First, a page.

Clark is the eighth commitment for Michigan in the 2015 class and the first tight end. The class is currently scheduled to be in the low teens, but some attrition will likely make that number grow into the mid or high teens. Michigan will also likely try to add another tight end, with Tyrone Wheatley, Jr. being the prime target there. The only other Michigan player from Old Farms was running back Michael Cox from the 2008 class.

TTB Rating: 85 (ratings explanation)


  1. He's way mobile as a 6'6" 240 lbs. high school junior. I watched Wheatley again immediately after Clark. Clark makes Wheatley look like a plodder, although Wheatley somehow appears to get smoother as his vid progresses.

    I'm in love with the idea of big, physical, bookend tight ends out there sealing off pursuing linebackers. I keep thinking Nussmeier could stand them both up and pretend he's Hayden Fry.

    1. Agreed. Clark looks like a nice prospect, definitely ahead of Wheatley at this point. Very pleased with TE recruiting in the '13-'15 classes. The common denominator among them has been good receiving skills. I like this approach. These guys will be putting a lot of pressure on secondaries in the future, and that is a threat that UM has not had in a while (for the most part). They all have the potential and frames to be good blockers as well. Some bloggers are predicting that Bunting will be a receiving specialist based in his HS film split out wide. But I think he has the mentality to become a decent blocker as well.

  2. I saw you rated Butt an 82. Do you think the difference between Butt and Clark is Clark's size or does Clark have slightly better athleticism? Or is it something else that distinguishes them? I'm pretty excited about Butt-too bad about the ACL injury-so that makes me even more excited about Clark. Outside the three decommitments, Hoke and crew are putting together a nice class after two down(ish) seasons.

    1. Butt looked better as a freshman than I expected him to look, so I may have underrated him a little bit. Clark looks a little bit quicker than Butt, so that's one advantage he has.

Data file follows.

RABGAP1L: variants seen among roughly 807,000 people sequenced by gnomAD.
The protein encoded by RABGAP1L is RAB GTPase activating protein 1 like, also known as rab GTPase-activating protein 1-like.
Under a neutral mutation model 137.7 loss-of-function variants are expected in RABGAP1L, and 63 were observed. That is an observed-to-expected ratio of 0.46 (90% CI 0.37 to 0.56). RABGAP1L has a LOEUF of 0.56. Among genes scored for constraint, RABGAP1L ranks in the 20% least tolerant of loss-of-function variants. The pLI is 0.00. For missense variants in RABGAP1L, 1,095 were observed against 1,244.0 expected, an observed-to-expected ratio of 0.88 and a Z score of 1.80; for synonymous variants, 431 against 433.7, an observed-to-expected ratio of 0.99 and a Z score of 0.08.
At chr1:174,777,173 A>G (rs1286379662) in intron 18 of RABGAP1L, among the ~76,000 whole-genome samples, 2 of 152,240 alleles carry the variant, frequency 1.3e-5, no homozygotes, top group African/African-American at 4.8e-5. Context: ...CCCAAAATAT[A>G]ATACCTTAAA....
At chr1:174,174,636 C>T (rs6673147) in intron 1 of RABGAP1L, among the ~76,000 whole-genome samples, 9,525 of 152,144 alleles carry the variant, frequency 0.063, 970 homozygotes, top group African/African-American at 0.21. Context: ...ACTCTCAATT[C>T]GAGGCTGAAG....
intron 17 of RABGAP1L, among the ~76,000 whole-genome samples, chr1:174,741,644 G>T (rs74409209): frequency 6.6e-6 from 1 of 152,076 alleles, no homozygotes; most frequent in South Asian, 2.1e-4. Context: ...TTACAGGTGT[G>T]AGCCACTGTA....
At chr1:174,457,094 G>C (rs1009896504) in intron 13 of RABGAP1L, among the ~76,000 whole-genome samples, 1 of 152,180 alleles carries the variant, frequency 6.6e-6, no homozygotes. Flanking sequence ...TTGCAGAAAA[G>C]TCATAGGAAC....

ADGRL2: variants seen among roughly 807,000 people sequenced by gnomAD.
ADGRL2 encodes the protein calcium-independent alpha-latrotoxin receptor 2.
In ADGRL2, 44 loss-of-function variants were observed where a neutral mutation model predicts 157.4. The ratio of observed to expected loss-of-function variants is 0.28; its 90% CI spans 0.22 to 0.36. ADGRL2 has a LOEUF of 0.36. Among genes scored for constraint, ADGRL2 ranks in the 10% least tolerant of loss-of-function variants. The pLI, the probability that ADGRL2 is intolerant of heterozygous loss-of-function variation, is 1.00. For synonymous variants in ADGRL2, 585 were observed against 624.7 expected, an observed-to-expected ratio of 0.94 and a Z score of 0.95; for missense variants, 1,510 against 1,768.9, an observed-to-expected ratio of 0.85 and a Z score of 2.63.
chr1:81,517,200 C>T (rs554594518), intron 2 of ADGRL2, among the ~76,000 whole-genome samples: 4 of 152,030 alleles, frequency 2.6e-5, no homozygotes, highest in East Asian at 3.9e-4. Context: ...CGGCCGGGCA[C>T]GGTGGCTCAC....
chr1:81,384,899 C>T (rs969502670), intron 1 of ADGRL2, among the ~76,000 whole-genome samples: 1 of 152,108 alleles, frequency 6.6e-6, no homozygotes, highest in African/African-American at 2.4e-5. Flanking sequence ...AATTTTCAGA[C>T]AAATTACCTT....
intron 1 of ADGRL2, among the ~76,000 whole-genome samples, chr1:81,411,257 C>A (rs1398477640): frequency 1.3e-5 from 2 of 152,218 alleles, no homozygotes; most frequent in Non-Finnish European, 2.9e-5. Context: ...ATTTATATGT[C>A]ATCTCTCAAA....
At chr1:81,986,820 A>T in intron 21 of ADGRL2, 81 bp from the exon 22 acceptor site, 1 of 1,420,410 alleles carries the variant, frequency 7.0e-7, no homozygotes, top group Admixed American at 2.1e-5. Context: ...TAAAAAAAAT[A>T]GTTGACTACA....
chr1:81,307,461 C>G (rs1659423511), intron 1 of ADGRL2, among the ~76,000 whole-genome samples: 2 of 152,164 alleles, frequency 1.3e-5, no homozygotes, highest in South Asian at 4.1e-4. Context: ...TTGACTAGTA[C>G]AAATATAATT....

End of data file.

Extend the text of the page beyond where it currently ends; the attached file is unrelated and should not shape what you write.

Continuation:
2. Thanks Magnus!

  3. "He also shows an ability to high-point the football"

    That phrase is new to me ... what does "high-point the football" mean in context to Clark?

    1. It means to go up and get the ball in the air at a "high-point", catching it above your head with two hands.

      The best example of this is Calvin Johnson. He's so big, tall and athletic that Stafford can throw it up there to him and Calvin can "high-point the football" and catch it, even if he has a DB (or two) literally right next to him.

      With Clark, he's very tall and athletic, so assuming he can build strength and timing, he would be very good at this. It's a next level skill b/c it means even if you are covered, you're not covered.

    2. Right. Essentially, it means that if he were a basketball player, he would probably be a good rebounder. You don't want for the ball to come down to chest level or bounce off the floor. You take the appropriate angle and you leap at the right time to give yourself an advantage over the defender.

    3. Got it ... thanks! I can see the value of that, naturally.

      In a world of 5'11" CBs being a 6'6" TE that has the ability to time and get the ball way up there has obvious advantages. Being 6'6" and 240lb (at this point) means he can match up against LBs as well ... in fact, he'll likely be a nightmare matchup for LBs if the QB can spot the ball properly.

      What's the strategy for defensive coaches? If my CBs can't go that high, is my mission then to disrupt the route and timing best I can?

    4. Most rebounds are a matter of positioning (i.e., boxing out) moreso than out-jumping people. Timing is important in both though.

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  5. Like you, I question the competition in CT. HOWEVER, you don't often see a TIGHT END pancake someone! I enjoyed that part thoroughly!